Winslow Homer exhibit looks at women and the Civil War effort
SU Art Galleries
During the Civil War, the popular magazine Harper’s Weekly hired American artist Winslow Homer to illustrated the conflict. A distinct subject of his imagery was the contributions to the war effort made by women.
Now, the Syracuse University Art Galleries is giving visitors a glimpse of his work. “Winslow Homer: Women and American Society During the Civil War Era” is on exhibit through May 12.
Presented in correlation with the Department of Art and Music Histories in the College of Arts and Sciences, the exhibition features 21 of Homer’s original wood engravings.
During the fall 2018 semester, Distinguished Professor of Art and Music Histories Wayne Franits and students from his senior seminar studied the artist’s war imagery, highlighting the contributions to the war effort made by women.
The research and curatorial writing from seven undergraduate students is featured in the exhibition drawn from the permanent art collection as well as loaned work from the Herbert F. Johnson Museum of Art at Cornell University.
Homer, who lived from 1836 to 1910, was widely known and highly regarded for his dramatic Maine seascapes and watercolors of the Adirondacks and the Caribbean.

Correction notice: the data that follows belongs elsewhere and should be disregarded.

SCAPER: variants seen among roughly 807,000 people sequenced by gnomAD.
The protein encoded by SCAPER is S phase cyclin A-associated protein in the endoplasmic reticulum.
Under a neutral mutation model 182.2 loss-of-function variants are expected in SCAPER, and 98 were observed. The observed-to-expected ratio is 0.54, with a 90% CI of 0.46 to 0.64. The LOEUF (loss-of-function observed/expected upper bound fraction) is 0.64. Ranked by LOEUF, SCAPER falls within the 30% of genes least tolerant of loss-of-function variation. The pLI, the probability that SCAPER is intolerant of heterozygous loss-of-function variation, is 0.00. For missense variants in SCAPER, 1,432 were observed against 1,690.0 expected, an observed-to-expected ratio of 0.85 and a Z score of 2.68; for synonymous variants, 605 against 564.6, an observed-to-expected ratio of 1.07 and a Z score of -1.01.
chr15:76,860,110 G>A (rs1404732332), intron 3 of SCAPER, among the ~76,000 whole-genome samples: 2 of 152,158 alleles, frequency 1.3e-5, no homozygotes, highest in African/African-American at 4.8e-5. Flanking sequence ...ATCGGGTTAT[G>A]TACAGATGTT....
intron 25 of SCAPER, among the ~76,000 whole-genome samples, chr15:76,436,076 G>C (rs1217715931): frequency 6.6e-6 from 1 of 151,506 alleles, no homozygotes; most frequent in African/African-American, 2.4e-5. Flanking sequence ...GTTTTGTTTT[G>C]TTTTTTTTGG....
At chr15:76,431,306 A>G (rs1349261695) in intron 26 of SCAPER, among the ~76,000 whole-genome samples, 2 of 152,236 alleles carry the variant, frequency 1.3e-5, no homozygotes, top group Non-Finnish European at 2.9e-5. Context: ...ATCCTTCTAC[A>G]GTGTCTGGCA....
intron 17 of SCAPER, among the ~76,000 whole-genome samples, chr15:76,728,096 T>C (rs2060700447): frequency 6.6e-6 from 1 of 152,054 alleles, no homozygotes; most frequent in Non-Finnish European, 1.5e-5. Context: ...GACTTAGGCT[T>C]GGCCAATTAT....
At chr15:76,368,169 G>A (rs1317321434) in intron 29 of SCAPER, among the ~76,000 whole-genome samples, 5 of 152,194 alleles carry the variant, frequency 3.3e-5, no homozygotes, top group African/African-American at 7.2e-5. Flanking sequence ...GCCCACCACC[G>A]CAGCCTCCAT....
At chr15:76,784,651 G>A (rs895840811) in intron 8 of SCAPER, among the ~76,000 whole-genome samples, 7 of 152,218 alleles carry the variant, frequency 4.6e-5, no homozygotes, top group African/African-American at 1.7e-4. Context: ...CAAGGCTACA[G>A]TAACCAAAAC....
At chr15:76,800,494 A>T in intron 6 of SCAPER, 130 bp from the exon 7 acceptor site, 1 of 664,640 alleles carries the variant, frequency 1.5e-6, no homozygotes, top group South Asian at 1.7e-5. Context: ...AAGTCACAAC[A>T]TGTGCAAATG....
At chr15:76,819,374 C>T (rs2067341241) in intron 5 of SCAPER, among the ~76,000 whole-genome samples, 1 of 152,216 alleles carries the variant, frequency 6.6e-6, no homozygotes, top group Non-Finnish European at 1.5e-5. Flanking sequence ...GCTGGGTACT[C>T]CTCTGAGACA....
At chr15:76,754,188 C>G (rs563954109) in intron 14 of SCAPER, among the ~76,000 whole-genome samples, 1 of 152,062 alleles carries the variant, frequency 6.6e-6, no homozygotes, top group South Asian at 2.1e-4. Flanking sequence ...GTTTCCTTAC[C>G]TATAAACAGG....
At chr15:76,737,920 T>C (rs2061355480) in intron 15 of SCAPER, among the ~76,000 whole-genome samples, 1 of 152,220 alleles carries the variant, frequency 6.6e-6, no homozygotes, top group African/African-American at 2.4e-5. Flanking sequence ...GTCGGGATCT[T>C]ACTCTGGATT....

He began his career making drawings for wood-engraved illustrations in the period’s popular press newspapers. He became very successful with his work for Harper’s Weekly during the Civil War. Through these prints, Homer gave readers a more complete picture of the war and its impact on the country.
Battle scenes were a time-honored subject for capturing war’s general mayhem, and Homer effectively composed a number of works that illustrated this.
However, his real strength was in exploring the conflict’s periphery and the many contributions to the war effort that women made. He portrayed them supporting the North’s efforts by sewing Havelocks, a piece of fabric attached to enlisted men’s caps for sun protection; writing letters home for wounded soldiers; washing clothes behind the lines; and administering last rights. Another image showed women in a Massachusetts armory filling cartridges with gunpowder.
IF YOU GO Where: Shaffer Art Building on the Syracuse University campus.
Hours: 11 a.m. to 4:30 p.m. Tuesdays through Sundays; and 11 a.m. to 8 p.m. Thursdays. Closed Mondays, university holidays and Easter Sunday (April 21).
More information: suart.syr.edu or 315-443- 4097.
Winslow Homer’s “The Morning Walk — The Young Ladies School Promenading the Avenue,” 1868 , is on exhibit at the Syracuse University Art Galleries through May 12. Winslow Homer